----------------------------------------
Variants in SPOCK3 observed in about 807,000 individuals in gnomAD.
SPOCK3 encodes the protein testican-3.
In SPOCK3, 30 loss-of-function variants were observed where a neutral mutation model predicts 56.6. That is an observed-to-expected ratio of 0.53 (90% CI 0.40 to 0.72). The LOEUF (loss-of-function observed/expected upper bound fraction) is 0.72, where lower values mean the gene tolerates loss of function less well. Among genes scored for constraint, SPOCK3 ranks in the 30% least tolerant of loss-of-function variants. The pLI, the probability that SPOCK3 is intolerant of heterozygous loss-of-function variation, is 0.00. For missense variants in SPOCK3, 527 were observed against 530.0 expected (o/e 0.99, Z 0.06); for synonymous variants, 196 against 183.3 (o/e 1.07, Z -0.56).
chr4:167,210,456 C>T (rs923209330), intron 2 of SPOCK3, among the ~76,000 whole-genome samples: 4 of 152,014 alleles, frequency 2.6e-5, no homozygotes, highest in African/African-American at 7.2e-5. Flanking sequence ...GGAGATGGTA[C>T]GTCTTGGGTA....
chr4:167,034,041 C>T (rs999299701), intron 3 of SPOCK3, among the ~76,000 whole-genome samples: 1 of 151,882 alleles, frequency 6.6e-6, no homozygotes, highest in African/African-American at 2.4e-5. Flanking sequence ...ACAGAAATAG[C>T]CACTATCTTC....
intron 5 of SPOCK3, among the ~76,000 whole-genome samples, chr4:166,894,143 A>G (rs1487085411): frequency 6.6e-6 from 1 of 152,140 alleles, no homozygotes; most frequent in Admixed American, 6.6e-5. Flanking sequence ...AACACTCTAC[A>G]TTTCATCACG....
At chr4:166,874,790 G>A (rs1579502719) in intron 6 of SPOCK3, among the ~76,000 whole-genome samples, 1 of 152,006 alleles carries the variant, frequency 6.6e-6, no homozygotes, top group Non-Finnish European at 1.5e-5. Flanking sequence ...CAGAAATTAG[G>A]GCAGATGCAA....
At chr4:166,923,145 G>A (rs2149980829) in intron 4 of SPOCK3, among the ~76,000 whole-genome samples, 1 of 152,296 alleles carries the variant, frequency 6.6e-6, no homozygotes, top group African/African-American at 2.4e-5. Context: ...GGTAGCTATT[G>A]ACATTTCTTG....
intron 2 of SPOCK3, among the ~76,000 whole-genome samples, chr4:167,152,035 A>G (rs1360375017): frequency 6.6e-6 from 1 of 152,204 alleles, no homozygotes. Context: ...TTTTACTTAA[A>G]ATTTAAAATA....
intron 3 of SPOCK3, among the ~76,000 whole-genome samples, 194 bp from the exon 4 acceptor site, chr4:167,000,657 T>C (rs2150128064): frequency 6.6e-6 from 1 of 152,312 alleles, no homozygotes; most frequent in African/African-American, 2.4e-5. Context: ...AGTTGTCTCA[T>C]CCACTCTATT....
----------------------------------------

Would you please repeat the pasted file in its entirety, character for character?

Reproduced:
Variants in SPOCK3 observed in about 807,000 individuals in gnomAD.
SPOCK3 encodes the protein testican-3.
In SPOCK3, 30 loss-of-function variants were observed where a neutral mutation model predicts 56.6. That is an observed-to-expected ratio of 0.53 (90% CI 0.40 to 0.72). The LOEUF (loss-of-function observed/expected upper bound fraction) is 0.72, where lower values mean the gene tolerates loss of function less well. Among genes scored for constraint, SPOCK3 ranks in the 30% least tolerant of loss-of-function variants. The pLI, the probability that SPOCK3 is intolerant of heterozygous loss-of-function variation, is 0.00. For missense variants in SPOCK3, 527 were observed against 530.0 expected (o/e 0.99, Z 0.06); for synonymous variants, 196 against 183.3 (o/e 1.07, Z -0.56).
chr4:167,210,456 C>T (rs923209330), intron 2 of SPOCK3, among the ~76,000 whole-genome samples: 4 of 152,014 alleles, frequency 2.6e-5, no homozygotes, highest in African/African-American at 7.2e-5. Flanking sequence ...GGAGATGGTA[C>T]GTCTTGGGTA....
chr4:167,034,041 C>T (rs999299701), intron 3 of SPOCK3, among the ~76,000 whole-genome samples: 1 of 151,882 alleles, frequency 6.6e-6, no homozygotes, highest in African/African-American at 2.4e-5. Flanking sequence ...ACAGAAATAG[C>T]CACTATCTTC....
intron 5 of SPOCK3, among the ~76,000 whole-genome samples, chr4:166,894,143 A>G (rs1487085411): frequency 6.6e-6 from 1 of 152,140 alleles, no homozygotes; most frequent in Admixed American, 6.6e-5. Flanking sequence ...AACACTCTAC[A>G]TTTCATCACG....
At chr4:166,874,790 G>A (rs1579502719) in intron 6 of SPOCK3, among the ~76,000 whole-genome samples, 1 of 152,006 alleles carries the variant, frequency 6.6e-6, no homozygotes, top group Non-Finnish European at 1.5e-5. Flanking sequence ...CAGAAATTAG[G>A]GCAGATGCAA....
At chr4:166,923,145 G>A (rs2149980829) in intron 4 of SPOCK3, among the ~76,000 whole-genome samples, 1 of 152,296 alleles carries the variant, frequency 6.6e-6, no homozygotes, top group African/African-American at 2.4e-5. Context: ...GGTAGCTATT[G>A]ACATTTCTTG....
intron 2 of SPOCK3, among the ~76,000 whole-genome samples, chr4:167,152,035 A>G (rs1360375017): frequency 6.6e-6 from 1 of 152,204 alleles, no homozygotes. Context: ...TTTTACTTAA[A>G]ATTTAAAATA....
intron 3 of SPOCK3, among the ~76,000 whole-genome samples, 194 bp from the exon 4 acceptor site, chr4:167,000,657 T>C (rs2150128064): frequency 6.6e-6 from 1 of 152,312 alleles, no homozygotes; most frequent in African/African-American, 2.4e-5. Context: ...AGTTGTCTCA[T>C]CCACTCTATT....